Pick the lastest version from

To install:

  ~/src $ wget http://... (the release url)
  ~/src $ tar -zxf xcache-*.tar.gz
  ~/src $ cd xcache
  ~/src/xcache $ phpize
  ~/src/xcache $ ./configure --enable-xcache --enable-xcache-coverager
  ~/src/xcache $ make
  ~/src/xcache $ su
  ~/src/xcache # make install
  ~/src/xcache # cat xcache.ini >> /etc/php.ini
  ~/src/xcache # $EDITOR /etc/php.ini

Set xcache.size=64M, and set up your xcache.admin.pass.

Setting up the web interface:

  alias.url += ("/xcache-admin/" => "/usr/share/xcache/admin/")

Check it out by pointing your browser to http://localhost/xcache-admin/

Tuning the database

This is a very short intro to tuning MySQL.

Note: Read up before changing anything on your server, especially if you are not on a dedicated MySQL box with spare memory.

First check my.cnf:

  ## default is 100, might need to raise it

  max-connections = 200
  ## if you use innodb alot, increase the pool-size 
  ## default is 8M, far too low.

  innodb_buffer_pool_size = 512M

  ## for MyISAM it is 
  key_buffer_size = 128M

  query_cache_size = 32M

  ## logs are good


  long-query-time = 2


Restart the MySQL server and check for 'hostname-slow.log' in the datadir. It will list all queries which

  • take longer than 2 seconds to execute, or
  • are not using an index

On all these queries, run an EXPLAIN and add an index when necessary. You'll want to concentrate on queries which

  • are run often, or
  • have a query-time > 2

If the number of examined rows is several times larger than the number of sent rows, add an index.

Another thing to check for is:

  | Created_tmp_disk_tables | 88    |
  | Created_tmp_files       | 2     |
  | Created_tmp_tables      | 39079 |

Created_tmp_disk_tables should as small as possible compared to Created_tmp_tables

  | Com_select              | 39004 |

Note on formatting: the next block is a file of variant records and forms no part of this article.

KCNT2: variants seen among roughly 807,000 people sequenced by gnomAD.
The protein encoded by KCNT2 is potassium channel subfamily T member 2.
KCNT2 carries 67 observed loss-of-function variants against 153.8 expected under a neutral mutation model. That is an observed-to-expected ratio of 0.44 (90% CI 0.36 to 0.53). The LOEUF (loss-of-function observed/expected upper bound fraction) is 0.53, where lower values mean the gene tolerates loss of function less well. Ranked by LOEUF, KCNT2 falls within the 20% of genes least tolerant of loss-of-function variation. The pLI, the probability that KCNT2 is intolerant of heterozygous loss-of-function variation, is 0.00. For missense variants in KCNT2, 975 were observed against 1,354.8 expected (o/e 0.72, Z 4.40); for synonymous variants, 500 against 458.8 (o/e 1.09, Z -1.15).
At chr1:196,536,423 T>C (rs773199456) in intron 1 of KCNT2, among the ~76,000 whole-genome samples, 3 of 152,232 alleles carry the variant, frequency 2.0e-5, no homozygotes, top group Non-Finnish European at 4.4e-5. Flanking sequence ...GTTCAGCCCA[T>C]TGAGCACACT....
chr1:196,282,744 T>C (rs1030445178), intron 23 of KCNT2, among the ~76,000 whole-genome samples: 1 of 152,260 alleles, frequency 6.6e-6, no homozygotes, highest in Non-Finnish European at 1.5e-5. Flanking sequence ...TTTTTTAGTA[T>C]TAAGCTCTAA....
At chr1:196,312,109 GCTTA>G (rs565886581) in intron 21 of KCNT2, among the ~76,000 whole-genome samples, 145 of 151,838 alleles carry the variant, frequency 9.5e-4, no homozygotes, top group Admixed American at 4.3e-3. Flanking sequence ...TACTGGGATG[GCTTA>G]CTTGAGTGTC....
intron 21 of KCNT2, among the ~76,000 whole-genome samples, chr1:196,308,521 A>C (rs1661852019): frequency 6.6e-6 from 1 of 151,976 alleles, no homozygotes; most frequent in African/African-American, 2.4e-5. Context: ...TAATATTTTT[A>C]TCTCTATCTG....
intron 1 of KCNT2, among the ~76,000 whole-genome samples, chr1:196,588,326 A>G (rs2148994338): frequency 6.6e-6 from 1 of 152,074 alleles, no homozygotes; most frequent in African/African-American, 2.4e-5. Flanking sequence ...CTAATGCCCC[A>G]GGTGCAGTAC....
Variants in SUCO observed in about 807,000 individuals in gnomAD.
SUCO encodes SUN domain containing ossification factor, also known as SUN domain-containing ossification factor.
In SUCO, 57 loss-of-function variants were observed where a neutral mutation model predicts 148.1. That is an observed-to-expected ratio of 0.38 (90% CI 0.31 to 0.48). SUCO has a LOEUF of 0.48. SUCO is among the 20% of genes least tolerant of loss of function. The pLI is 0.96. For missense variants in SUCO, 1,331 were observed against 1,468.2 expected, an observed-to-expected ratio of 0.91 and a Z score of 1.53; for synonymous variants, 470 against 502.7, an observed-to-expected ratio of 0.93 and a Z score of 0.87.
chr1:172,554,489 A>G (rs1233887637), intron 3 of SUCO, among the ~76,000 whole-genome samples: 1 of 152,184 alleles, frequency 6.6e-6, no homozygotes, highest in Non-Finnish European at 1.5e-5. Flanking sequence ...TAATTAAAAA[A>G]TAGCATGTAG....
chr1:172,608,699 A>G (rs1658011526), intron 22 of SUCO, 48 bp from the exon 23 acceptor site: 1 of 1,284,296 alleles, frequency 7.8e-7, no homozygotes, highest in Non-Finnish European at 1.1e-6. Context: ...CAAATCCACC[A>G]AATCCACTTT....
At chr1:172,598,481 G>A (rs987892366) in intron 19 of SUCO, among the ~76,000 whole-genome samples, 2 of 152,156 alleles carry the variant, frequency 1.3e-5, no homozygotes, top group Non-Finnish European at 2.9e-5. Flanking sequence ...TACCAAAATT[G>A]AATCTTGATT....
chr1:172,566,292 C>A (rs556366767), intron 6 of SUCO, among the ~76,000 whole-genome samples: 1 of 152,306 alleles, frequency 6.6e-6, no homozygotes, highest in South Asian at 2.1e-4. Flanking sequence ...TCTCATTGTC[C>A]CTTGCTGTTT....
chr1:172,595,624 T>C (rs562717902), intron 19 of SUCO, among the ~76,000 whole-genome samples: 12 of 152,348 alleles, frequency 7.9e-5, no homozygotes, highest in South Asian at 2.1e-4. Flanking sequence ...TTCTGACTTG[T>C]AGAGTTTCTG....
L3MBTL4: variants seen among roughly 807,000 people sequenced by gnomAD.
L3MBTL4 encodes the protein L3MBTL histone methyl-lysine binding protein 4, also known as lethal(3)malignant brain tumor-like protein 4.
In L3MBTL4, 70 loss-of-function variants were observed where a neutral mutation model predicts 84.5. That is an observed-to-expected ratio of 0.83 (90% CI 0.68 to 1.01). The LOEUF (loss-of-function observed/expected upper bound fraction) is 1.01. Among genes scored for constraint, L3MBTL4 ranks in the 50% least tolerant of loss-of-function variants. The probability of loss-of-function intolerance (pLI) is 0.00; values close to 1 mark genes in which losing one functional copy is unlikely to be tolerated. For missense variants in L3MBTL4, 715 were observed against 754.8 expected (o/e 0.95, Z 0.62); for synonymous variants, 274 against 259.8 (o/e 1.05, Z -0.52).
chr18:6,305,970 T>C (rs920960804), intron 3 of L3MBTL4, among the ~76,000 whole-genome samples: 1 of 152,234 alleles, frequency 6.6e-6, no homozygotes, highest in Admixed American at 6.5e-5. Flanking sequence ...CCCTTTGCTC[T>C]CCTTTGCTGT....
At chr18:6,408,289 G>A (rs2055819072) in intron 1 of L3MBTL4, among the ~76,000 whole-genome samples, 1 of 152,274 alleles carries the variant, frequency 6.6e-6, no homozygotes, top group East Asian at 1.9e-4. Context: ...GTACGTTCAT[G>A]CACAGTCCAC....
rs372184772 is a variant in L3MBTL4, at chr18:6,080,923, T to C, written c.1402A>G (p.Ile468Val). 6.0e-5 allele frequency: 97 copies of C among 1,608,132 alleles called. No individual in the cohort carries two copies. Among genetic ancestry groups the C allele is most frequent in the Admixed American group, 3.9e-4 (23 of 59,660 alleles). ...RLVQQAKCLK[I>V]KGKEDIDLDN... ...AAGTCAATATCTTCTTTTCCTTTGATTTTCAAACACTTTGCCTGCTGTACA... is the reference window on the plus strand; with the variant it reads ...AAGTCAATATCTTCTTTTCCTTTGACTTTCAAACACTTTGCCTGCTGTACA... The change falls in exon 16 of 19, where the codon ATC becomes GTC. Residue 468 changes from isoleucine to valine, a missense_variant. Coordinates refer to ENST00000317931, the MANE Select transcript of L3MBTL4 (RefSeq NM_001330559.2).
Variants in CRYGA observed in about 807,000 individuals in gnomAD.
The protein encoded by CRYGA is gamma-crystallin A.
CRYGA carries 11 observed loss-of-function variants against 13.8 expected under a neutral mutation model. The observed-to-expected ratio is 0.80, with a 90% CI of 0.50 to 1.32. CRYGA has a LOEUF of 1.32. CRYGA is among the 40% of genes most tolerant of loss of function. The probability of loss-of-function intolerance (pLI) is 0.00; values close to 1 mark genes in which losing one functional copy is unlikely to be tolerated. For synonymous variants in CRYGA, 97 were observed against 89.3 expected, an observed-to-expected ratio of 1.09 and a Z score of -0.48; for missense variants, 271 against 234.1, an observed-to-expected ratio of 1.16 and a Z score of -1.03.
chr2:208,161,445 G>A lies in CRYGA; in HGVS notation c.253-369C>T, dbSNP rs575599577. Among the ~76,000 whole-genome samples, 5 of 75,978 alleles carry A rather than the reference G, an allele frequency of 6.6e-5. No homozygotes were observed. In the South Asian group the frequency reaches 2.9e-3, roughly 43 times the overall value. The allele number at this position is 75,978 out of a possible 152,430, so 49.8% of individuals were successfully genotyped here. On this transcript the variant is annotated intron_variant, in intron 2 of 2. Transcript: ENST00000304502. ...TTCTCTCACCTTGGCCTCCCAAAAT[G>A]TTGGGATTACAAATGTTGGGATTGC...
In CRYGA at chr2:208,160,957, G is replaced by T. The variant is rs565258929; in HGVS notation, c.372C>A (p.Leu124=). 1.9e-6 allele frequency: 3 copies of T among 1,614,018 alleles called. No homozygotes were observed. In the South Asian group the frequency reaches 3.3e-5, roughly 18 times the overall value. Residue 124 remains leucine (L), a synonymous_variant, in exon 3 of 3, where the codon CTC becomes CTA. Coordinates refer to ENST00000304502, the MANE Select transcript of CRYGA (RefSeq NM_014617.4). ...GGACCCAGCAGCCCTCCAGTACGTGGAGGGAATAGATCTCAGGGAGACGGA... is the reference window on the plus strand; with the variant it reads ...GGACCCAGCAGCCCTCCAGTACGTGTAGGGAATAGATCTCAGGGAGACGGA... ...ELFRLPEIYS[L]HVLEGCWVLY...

| Select_scan             | 39004 |

Oops, all SELECT statements are Table-Scans, very bad.

  | Table_locks_immediate   | 3     |
  | Table_locks_waited      | 0     |

This is good, we never had to wait for a table lock.

Note: In MySQL before 5.0.x it is SHOW STATUS.


By measuring the response time before and after the optimizations, you can get an idea of how an increased load
will affect you in the future.

Several tools are available to measure the response time:

  • ab/ab2 is part of the Apache Server package
    • handles max 1024 connections
    • hammers a single URL only
    • is select()-based
  • flood is an apache project
  • siege
    • handles about 100 parallel connections (before it dies due to lack of memory)
    • is threaded
    • can generate random load
  • http_load
    • can generate random load
    • allows throttling
  • httpperf

When you are using a benchmark tool which only queries a single URL several times, you won't see problems caused by:

  • dirty caches (MySQL Query Cache, Byte-Code Cache, ...)
  • locking (Table Locks, File Locks, ...)

If you use siege for the random load and ab for the single-URL load, you should get useful results.

(to be continued)

Can I have too many PHP processes?

Having too many PHP processes can be bad too. If you have more than you need, the PHP processes will use up all the available memory
and will start using your swap space, which is much slower than real memory.

If you are using a config like this: